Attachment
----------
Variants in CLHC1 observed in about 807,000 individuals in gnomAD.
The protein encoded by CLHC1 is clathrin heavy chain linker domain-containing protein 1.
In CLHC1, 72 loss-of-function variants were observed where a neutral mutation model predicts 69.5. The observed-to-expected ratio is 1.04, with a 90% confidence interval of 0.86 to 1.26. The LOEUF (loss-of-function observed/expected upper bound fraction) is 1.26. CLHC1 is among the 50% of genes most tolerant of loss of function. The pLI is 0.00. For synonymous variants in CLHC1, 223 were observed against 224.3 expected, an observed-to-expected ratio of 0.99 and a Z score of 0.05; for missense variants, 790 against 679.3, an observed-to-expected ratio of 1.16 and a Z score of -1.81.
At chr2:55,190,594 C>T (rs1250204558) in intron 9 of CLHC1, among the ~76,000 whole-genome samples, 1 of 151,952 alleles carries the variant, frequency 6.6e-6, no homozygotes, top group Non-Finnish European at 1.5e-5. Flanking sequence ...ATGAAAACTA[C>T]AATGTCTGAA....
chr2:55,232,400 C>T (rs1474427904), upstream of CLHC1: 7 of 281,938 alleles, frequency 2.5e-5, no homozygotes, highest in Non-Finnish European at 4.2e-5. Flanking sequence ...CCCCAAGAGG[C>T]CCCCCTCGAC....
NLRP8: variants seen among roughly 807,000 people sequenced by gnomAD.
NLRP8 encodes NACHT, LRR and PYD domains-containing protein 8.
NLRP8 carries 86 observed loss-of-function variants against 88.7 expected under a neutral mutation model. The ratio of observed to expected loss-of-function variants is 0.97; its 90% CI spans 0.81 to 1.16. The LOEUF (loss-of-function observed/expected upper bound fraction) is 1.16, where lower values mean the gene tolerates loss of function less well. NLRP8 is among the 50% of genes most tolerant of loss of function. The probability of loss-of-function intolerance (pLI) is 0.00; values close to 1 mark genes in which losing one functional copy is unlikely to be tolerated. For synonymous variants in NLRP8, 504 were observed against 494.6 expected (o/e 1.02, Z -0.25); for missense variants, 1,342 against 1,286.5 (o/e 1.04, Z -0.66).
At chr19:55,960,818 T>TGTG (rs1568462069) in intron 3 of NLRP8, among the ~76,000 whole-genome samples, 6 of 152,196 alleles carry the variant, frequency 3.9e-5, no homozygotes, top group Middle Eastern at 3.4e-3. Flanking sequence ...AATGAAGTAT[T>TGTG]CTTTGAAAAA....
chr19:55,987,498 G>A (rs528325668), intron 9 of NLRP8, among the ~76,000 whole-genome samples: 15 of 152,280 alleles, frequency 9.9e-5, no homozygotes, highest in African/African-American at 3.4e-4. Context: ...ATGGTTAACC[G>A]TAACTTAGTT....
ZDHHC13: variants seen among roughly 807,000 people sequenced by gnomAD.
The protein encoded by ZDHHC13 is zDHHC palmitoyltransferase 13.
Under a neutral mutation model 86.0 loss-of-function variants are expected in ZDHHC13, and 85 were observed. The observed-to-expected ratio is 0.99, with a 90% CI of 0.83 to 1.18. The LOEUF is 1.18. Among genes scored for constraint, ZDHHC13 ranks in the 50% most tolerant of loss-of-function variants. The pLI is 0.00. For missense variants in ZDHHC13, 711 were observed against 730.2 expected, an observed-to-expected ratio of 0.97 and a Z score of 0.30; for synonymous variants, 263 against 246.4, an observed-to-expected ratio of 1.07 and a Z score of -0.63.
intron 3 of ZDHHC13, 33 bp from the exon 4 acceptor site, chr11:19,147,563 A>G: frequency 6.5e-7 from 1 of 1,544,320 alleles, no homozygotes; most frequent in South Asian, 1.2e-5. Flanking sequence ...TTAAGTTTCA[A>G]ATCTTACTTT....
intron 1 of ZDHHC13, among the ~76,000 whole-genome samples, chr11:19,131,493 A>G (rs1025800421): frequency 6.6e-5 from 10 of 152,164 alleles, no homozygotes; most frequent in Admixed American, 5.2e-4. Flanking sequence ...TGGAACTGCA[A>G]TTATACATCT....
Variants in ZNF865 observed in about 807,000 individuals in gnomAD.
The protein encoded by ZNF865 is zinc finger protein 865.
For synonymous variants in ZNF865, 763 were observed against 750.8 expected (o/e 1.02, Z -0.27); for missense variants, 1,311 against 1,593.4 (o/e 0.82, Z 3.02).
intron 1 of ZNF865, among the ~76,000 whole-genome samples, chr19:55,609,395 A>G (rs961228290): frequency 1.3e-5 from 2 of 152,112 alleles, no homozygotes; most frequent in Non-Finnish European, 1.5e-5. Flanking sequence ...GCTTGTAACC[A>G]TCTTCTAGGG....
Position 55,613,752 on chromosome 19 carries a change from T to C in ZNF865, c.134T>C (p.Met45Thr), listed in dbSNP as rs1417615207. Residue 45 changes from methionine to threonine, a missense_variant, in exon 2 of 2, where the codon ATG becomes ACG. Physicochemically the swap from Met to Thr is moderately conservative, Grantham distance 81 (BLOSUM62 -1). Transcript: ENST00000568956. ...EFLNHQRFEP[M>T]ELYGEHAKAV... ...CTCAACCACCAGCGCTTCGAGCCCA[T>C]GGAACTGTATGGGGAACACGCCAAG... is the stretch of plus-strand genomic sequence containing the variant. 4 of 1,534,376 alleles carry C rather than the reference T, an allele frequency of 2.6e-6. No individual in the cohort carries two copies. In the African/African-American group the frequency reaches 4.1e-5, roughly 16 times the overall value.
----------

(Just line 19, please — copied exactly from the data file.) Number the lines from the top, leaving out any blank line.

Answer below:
intron 1 of ZNF865, among the ~76,000 whole-genome samples, chr19:55,609,395 A>G (rs961228290): frequency 1.3e-5 from 2 of 152,112 alleles, no homozygotes; most frequent in Non-Finnish European, 1.5e-5. Flanking sequence ...GCTTGTAACC[A>G]TCTTCTAGGG....